March 6, 2014 By Bishkek Feminist Collective SQ
Urgent Action Fund partners, Bishkek Feminist Collective SQ, were attacked during an International Women’s Day event in Bishkek, Kyrgyzstan on March 6, 2014. Below is their account of the attack.
On March 5th from 15 to 19 PM an activist team of Bishkek Feminist Collective SQ was carrying out a planned informational event, dedicated to the 8th of March (IWD) at an intersection of Kievskaya and Beishenalieva streets. The event included trivia with questions on the history of 8th march, statistics on women in Kyrgyzstan and the women’s movement, a stand with number “8”, feminist symbols (based on the Venus symbol) and captions “International women’s day of equal rights and opportunities”, “Time to act, Kyrgyzstan!” Activists were informing passersby about women’s rights, prevention of violence and the history of March 8th. The event was carried out with the permission of Lenin district administration.
At approximately 18 PM, when the event was coming to an end, a group of of about 20-30 people gathered around the stand. They began aggressively asking questions about feminist signs and accusing activists of promoting Christianity.
The majority of them were men, who scared off passing women by asking the question “Why do women need rights?”. The crowd grew, there were increasing more men, who were yelling out nationalist and xenophobic accusations and questions: “Why do you have crosses on your stand? Are you not Muslims?”, “Don’t you believe in God?”, “Are you not Kyrgyz?”, “You, I see is a Jew, and you are also a Jew, since you talk so much…”, “You are Kyrgyz and you don’t speak Kyrgyz?!” “Do you see this ak kalpak (type of headdress), this makes me a Kyrgyz and if you are Kyrgyz you should be a Muslim” and so on.
The crowd surrounded activists, grabbing them by the collar, spitting at them and breathing out cigarette smoke into their faces. Activists began to gather the stand and left the place, but the crowd followed them, jeering and yelling out calls for violence. After catching up with the activists, men suddenly began kicking the stand and punched it through.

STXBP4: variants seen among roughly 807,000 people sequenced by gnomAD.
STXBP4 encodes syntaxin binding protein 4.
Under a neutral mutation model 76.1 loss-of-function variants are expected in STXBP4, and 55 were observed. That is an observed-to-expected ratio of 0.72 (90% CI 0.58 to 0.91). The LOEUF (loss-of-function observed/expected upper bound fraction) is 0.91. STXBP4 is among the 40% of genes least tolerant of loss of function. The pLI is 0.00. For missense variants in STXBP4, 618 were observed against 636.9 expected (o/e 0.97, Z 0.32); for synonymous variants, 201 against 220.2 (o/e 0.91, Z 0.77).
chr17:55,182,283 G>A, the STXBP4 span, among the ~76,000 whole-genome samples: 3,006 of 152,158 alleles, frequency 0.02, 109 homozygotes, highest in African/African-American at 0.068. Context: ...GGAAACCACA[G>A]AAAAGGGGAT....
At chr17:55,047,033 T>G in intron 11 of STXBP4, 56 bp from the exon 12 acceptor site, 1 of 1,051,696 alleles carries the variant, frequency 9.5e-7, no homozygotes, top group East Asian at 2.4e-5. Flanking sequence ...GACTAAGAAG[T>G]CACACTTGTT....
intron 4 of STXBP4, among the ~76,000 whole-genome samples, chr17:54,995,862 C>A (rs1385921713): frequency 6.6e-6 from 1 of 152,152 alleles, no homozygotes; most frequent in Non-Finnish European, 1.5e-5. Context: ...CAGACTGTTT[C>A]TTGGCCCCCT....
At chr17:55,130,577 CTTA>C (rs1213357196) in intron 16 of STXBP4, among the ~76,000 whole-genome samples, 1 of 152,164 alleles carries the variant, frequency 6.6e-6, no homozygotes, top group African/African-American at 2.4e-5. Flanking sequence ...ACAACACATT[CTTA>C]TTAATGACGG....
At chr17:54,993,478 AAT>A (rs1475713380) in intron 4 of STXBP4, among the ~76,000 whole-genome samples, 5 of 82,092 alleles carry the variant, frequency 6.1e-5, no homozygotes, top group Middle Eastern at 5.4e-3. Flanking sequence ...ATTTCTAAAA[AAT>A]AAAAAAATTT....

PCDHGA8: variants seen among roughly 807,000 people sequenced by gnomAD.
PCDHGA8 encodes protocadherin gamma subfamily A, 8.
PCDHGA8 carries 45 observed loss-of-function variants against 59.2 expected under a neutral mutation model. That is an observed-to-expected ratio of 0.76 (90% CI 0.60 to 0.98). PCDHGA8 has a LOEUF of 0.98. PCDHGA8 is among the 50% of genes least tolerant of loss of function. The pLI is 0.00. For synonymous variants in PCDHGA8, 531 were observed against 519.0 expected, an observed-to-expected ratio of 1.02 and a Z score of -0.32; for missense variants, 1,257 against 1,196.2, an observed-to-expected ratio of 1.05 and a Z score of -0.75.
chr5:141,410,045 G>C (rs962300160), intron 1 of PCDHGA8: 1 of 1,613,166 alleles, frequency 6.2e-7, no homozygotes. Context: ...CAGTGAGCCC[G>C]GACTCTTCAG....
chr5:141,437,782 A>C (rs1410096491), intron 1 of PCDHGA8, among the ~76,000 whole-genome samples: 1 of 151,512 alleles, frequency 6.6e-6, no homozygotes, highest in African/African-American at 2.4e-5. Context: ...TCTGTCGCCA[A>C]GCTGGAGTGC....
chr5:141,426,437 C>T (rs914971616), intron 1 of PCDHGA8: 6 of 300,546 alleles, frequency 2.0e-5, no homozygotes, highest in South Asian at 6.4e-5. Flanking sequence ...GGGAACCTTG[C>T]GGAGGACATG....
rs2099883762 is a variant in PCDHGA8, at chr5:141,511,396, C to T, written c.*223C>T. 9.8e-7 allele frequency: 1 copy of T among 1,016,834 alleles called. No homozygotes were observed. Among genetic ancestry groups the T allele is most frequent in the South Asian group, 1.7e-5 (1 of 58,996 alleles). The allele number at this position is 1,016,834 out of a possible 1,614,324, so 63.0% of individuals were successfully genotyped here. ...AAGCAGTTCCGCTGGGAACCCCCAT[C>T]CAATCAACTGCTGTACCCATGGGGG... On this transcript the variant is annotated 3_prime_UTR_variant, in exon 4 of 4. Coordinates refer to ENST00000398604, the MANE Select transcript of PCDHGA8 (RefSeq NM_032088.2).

In two minutes the crowd destroyed the stand, after which they started smashing everything around. It was impossible to film anything, since activists were pushed and attacked. Calling one activist a ‘faggot’, people from the crowd began kicking and beating him, pushed him to the ground. Then someone hit another activist on the head. There was a police booth within 20 meters of the stand. One of the activists asked for help, but the police officer ignored this request, even after being shown the permission from the district administration.
Activists were forced to run to the building of Lenis district court and hide inside. However, a guard in the building, hearing the shouts of the crowd, tried to force activists out of the doors. Moreover, after hearing activists out, several court employees supported the crowd, saying that activists did not believe in God and had to be punished, and demanded that they leave the building, thus putting their lives and health at risk. At that moment, the police arrived, however one of them was supporting the crowd and also tried to hand the activists to the crowd outside. Luckily, other police officers did not share his views and helped activists come out of the building, get into the police car and took them to the police station of Lenin district. However, police officers were not able to render adequate resistance to the crowd and did not take urgent measures for detaining perpetrators and instigators.